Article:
And then there is lack of menstrual periods, thinning hair, feeling cold and tired, and messed up blood electrolytes.

Any deviation from the self-imposed dietary rules causes anxiety, shame, and guilt. There is also intense shame because of the misperception of being overweight or obese. Feeling fat may lead to wearing clothes that completely cover the body, avoiding social situations, and self-loathing.

Sometimes people can’t tolerate constant starvation and break down and binge. Sometimes binges occur periodically, sometimes anorexia is replaced by bulimia. Both disorders are horrible to live with, narrowing your world and sucking all pleasure out of life.

Bulimia
Bulimia is characterized by recurrent episodes of binge eating followed by efforts to eliminate the food eaten (vomiting, laxatives, fasting, etc.) This isn’t a now-and-then occurrence, like at Thanksgiving; it takes place on average twice weekly for three months or more.

There are two types of bulimia; purging and non-purging. With the purging kind, the person tries to eliminate all the calories by induced vomiting, laxatives, or enemas. Non-purging bulimics compensate for their binges by fasting or excessive exercise.

The prevalence of bulimia is said to be 2% to 3% of the general population and can be as high as 10% in certain groups, such as college-aged women. It occurs in 2.3% of white women but in only 0.4% of black women – probably because the studies are done on white middle-class women. Males have not been studied as much, but it appears that about a quarter of bulimics are men.

It is relatively easy to keep bulimia a secret. Many people are of normal weight, or even overweight or obese, so an eating disorder never crosses family or friends’ minds. Both binging and purging is done in private, as both are accompanied by intense guilt and shame at losing control. And the longer it goes on, the lower a person’s self-esteem, the greater the feelings of shame, and the more effort is put into keeping it a secret.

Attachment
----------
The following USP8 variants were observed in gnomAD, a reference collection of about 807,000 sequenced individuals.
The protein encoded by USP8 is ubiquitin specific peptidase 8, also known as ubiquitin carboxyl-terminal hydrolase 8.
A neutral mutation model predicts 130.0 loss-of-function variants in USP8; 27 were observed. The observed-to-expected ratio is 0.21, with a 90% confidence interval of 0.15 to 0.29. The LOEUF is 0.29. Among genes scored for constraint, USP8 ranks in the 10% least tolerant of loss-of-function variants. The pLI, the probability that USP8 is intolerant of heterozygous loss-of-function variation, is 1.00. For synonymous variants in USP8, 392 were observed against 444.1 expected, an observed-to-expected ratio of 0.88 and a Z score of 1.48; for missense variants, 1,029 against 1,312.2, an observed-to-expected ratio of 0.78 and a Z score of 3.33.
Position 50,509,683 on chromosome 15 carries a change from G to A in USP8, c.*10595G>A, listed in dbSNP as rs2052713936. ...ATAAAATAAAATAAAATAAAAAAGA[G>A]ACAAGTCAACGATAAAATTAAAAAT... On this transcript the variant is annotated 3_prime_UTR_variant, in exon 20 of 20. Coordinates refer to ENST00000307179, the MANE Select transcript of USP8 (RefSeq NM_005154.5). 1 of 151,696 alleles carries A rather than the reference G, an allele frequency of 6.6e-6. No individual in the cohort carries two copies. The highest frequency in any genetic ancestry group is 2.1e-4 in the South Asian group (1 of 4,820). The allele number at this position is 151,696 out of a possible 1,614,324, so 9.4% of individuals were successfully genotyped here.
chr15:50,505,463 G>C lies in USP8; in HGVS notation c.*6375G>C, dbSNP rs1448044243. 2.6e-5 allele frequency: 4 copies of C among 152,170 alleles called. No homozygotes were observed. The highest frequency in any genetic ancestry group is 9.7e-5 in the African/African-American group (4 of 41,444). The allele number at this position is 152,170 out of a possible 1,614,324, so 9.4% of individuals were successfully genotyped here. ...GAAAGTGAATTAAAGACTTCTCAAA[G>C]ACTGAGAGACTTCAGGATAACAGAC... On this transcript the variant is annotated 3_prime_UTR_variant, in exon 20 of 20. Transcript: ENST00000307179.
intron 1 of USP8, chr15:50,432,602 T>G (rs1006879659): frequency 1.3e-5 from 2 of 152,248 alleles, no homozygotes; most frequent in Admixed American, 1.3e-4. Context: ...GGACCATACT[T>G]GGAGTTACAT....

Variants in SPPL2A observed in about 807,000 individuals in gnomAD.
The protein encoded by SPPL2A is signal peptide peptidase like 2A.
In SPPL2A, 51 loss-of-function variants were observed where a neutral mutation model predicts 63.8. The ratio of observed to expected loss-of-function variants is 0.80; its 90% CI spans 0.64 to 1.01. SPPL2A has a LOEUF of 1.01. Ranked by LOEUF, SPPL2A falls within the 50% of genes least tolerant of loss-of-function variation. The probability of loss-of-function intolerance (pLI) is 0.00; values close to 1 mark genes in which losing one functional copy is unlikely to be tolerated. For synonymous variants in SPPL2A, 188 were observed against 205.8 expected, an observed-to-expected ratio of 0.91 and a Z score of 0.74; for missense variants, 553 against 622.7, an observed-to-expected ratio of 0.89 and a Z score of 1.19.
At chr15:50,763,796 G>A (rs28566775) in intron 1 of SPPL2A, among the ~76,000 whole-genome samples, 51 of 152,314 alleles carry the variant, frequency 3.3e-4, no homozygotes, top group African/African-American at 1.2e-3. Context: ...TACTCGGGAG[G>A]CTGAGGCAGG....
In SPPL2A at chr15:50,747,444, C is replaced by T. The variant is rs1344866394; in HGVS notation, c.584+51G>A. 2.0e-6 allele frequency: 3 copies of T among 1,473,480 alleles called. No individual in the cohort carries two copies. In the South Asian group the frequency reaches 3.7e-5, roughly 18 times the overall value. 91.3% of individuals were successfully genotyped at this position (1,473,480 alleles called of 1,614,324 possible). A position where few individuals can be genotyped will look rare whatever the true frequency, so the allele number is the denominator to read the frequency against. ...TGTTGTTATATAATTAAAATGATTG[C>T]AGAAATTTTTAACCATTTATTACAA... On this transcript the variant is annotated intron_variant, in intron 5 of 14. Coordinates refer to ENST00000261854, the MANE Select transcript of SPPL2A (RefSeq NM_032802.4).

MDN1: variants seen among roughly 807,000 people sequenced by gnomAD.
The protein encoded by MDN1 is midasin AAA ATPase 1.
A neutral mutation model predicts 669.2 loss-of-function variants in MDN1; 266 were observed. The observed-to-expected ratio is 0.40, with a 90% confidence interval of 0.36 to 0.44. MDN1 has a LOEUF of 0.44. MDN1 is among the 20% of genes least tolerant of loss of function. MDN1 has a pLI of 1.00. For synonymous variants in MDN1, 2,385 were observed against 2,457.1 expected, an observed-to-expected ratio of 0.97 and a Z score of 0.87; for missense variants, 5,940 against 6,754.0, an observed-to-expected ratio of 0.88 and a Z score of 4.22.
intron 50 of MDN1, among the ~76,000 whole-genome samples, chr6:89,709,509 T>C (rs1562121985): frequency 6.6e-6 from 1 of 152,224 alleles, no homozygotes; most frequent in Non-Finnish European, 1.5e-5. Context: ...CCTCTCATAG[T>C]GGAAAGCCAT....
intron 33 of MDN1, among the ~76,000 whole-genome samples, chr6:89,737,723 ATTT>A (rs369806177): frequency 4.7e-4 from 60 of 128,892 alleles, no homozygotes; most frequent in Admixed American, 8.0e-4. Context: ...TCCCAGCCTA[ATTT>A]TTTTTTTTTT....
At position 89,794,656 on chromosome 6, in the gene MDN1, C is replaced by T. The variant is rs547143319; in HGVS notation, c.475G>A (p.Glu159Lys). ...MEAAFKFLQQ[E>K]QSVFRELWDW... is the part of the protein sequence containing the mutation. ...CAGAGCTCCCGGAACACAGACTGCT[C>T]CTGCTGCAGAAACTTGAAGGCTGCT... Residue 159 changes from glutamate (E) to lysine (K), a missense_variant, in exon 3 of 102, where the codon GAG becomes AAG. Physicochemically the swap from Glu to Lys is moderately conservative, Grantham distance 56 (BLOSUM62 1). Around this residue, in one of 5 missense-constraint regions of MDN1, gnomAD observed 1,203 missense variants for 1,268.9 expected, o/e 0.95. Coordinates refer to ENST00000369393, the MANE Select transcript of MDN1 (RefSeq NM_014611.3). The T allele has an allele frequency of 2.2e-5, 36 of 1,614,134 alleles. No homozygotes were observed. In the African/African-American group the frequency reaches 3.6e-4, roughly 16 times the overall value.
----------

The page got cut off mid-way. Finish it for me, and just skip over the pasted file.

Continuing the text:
Bulimia may be an effort to contain PTSD, anxiety, or clinical depression, and the rate of substance abuse is high, especially of diet pills and stimulants. About 30% of bulimics are also alcoholic, and other forms of self-injury, such as cutting, are often seen.

Like anorexia, the damage bulimia can do is extensive. If ipacac, which is toxic to the heart, is used to induce vomiting, heart failure may result. Vomiting can erode enamel on the teeth, make the salivary glands swell visibly, and make small bleeding tears in the esophagus. About half of bulimics stop menstruating or have irregular periods.

Cognitive-Behavior Therapy, alone or with antidepressants, is recommended for treatment of bulimia. If the binging and purging has been going on for a long time or occurs frequently, it is harder to treat and there are more relapses. The Twelve Step program, Over-Eaters Anonymous, welcomes anorexics and bulimics as well as over-eaters – it should really be called Eating Disorders Anonymous.

Finally, the eating disorders bibliography at http://ra-info.org/for-researchers/bibliographies/eating-disorders/ lists resources. The website Something Fishy at http://www.something-fishy.org/ is especially helpful.